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Perkins v. United States

United States District Court, W.D. North Carolina, Charlotte Division

February 22, 2017



          Max O. Cogburn Jr. United States District Judge

         THIS MATTER is before the Court on consideration of petitioner's pro se Motion to Vacate, Set Aside or Correct Sentence which is filed pursuant to 28 U.S.C. § 2255, and respondent's Motion for Summary Judgment. For the reasons that follow, respondent's Motion for Summary Judgment will be granted, and petitioner's Motion to Vacate will be therefore be denied and dismissed.


         On June 27, 2013, petitioner was the lone defendant charged in a bill of information with one count of conspiracy to commit securities fraud, in violation of 18 U.S.C. § 371. That same day, petitioner filed a plea agreement in which he admitted he was in fact guilty of the securities fraud conspiracy. Petitioner further agreed, pursuant Rule 11(c)(1)(B) of the Federal Rules of Criminal Procedure, that the amount of loss to his victims that was known to or reasonably foreseeable to him was more than $400, 000, but less than $1, 000, 000. Petitioner also stipulated that he understood that “loss” as that term is defined under § 2B1.1 of the United Sentencing Guidelines Manual (USSG), may differ from restitution that is ordered under 18 U.S.C. § 3556. (3:13-cr-00187, Doc. No. 2: Plea Agreement). In addition, petitioner agreed to “pay full restitution, regardless of the resulting loss amount, to all victims directly or indirectly harmed by defendant's ‘relevant conduct, ' including conduct pertaining to any dismissed counts or uncharged conduct, as defined by U.S.S.G. § 1B1.3, regardless of whether such conduct constitutes an ‘offense, ' under 18 U.S.C. §§ 2259, 3663, 3663A.” (Id. ¶ 7). Petitioner also filed a Factual Basis on June 27, in which the parties agreed there was a factual basis to support his guilty plea. (Id., Doc. No. 3).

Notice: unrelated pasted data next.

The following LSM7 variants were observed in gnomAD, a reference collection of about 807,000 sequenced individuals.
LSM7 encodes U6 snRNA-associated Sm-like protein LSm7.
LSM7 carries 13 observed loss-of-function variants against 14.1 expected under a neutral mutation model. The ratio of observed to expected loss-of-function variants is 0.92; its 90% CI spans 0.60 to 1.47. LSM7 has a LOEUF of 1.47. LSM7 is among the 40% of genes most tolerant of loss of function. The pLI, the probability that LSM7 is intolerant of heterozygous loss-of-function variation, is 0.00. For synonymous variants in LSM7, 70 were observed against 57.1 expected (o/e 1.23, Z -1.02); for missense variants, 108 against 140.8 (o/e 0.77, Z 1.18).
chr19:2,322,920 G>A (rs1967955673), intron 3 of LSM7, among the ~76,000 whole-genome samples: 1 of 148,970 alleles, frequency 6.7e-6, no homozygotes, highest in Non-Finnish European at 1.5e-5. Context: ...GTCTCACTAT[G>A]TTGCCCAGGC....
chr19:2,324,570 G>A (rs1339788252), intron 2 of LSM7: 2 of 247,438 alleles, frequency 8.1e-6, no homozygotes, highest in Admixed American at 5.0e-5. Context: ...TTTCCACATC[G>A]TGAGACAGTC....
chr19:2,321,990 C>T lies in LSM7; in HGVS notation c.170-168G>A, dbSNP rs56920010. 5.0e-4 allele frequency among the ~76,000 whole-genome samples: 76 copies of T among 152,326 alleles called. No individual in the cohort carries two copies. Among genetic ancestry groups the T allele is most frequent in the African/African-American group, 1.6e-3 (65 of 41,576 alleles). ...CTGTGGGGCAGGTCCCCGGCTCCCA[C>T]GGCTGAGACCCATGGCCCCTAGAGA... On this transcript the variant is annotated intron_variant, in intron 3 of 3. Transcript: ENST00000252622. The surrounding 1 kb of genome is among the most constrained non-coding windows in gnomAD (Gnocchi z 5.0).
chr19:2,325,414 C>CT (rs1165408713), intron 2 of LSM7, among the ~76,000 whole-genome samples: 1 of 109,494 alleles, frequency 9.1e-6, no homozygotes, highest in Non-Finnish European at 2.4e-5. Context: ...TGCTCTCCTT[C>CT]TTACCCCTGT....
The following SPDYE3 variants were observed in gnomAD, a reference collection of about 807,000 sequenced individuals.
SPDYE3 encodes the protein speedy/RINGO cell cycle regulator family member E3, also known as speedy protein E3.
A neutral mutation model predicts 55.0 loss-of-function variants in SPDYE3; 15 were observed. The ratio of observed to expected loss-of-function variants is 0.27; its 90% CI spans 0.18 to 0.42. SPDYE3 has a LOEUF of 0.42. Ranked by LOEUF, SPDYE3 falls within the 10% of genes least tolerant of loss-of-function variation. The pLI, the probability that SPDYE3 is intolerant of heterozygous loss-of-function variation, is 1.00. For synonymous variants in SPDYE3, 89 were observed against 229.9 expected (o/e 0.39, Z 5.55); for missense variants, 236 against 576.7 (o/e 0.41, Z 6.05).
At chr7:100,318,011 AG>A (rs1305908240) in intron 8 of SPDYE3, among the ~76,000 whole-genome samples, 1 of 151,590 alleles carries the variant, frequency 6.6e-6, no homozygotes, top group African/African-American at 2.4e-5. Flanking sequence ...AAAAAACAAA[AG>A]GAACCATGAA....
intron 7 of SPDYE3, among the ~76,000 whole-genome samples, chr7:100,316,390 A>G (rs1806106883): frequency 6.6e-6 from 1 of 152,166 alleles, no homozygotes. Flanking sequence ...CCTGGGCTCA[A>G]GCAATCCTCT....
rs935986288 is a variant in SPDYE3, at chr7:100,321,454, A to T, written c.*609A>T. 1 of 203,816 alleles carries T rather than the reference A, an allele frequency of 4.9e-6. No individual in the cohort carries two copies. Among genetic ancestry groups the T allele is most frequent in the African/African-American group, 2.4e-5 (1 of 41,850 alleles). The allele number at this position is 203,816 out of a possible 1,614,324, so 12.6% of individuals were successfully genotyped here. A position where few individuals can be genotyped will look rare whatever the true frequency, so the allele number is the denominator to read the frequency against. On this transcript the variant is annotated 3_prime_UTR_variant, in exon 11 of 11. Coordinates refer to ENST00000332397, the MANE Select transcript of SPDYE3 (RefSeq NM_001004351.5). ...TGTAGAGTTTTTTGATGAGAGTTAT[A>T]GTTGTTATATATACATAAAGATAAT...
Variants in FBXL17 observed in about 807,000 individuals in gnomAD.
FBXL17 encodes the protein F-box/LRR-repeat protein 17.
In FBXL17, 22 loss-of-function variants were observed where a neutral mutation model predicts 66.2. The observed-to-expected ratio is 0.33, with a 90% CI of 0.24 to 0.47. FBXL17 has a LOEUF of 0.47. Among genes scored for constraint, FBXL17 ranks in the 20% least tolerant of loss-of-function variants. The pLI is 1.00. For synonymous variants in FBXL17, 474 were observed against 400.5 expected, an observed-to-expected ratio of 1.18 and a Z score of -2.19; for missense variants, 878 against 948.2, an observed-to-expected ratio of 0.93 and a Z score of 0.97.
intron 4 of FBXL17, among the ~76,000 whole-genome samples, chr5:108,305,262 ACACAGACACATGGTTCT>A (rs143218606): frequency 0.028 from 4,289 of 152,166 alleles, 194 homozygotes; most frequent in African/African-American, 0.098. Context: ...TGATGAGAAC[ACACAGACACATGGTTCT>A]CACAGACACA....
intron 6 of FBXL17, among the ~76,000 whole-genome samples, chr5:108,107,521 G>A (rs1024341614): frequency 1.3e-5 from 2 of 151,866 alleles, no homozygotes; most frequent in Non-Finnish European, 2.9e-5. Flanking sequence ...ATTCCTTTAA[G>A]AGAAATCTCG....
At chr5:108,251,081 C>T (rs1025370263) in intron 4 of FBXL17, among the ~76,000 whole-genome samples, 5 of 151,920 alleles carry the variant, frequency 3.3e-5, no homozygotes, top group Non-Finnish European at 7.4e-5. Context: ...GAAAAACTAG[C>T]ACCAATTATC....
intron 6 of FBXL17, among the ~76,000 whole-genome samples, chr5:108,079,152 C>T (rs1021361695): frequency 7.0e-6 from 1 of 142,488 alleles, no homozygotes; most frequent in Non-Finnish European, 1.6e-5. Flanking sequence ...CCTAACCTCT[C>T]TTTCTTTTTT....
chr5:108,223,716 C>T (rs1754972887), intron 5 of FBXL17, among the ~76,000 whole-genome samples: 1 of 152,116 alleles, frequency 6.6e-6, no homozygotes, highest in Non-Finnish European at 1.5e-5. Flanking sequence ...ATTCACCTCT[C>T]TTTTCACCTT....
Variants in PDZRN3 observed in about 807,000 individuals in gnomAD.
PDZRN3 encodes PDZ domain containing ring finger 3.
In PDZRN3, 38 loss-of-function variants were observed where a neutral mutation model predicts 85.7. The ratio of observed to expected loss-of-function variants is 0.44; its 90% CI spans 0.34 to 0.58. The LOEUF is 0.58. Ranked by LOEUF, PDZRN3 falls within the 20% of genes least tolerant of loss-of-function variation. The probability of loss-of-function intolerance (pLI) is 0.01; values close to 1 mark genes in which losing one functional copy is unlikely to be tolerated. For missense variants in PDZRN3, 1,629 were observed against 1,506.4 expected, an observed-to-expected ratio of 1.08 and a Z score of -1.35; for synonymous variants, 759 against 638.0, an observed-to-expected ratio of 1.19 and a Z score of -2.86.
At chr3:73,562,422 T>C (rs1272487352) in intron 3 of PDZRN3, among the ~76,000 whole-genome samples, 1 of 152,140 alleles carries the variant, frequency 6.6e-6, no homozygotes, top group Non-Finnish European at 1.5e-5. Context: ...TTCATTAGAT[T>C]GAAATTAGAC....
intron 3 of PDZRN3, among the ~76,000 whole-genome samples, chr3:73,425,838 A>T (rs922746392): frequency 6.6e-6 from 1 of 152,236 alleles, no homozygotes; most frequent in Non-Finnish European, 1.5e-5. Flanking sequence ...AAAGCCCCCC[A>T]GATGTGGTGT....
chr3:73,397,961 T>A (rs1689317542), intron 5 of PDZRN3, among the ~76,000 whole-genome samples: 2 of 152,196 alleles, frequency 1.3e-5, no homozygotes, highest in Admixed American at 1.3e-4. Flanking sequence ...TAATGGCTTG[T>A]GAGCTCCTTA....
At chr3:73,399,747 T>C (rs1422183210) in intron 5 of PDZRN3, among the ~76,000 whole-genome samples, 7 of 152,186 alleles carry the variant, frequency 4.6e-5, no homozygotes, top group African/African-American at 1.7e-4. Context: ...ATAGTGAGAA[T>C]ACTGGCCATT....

Prior to his Plea and Rule 11 hearing, Petitioner filed written notice of waiver of indictment and his plea hearing was conducted on September 6, 2013, where petitioner was present with counsel and placed under oath. In responding to the magistrate judge's questions, Petitioner acknowledged that he had reviewed the one count charged in the bill of information with his counsel, and he acknowledged that he understood the elements of the offense and the potential penalties he faced upon conviction. Petitioner also acknowledged that he had discussed any possible defenses with counsel and he knew he could plead not guilty and contest the charges at trial before a jury, summon witnesses, and cross-examine the government's witnesses. Petitioner then acknowledged that he understood and agreed with the terms of his plea agreement; that he was satisfied with the services of his counsel; and that he was pleading guilty because was in fact guilty of the conduct charged in the bill of information. The court recorded petitioner's answers in writing and presented them to petitioner and counsel to review, and they agreed that the answers that petitioner had given under oath were true and they signed the Acceptance of Plea form. The court then accepted the guilty plea after finding that it was knowing and voluntary and petitioner's case was then referred to the U.S. Probation Office for preparation of a presentence report (PSR). (Id., Doc. No. 9: Acceptance and Entry of Guilty Plea).

         In the PSR, the probation officer included a detailed summary of petitioner's offense conduct to support the calculation of the Guidelines Range which included verbatim language from the Factual Basis noted above and is set forth as follows:

5. From in or about 2006 through in or about January 2008 defendant John Reid Perkins, Jr. ("PERKINS") conspired with individuals T.G., V.F., and others to engage in a securities fraud scheme. This scheme involved a variety of companies, including Master Home Solutions (MHS), and resulted in victims being defrauded of over $400, 000.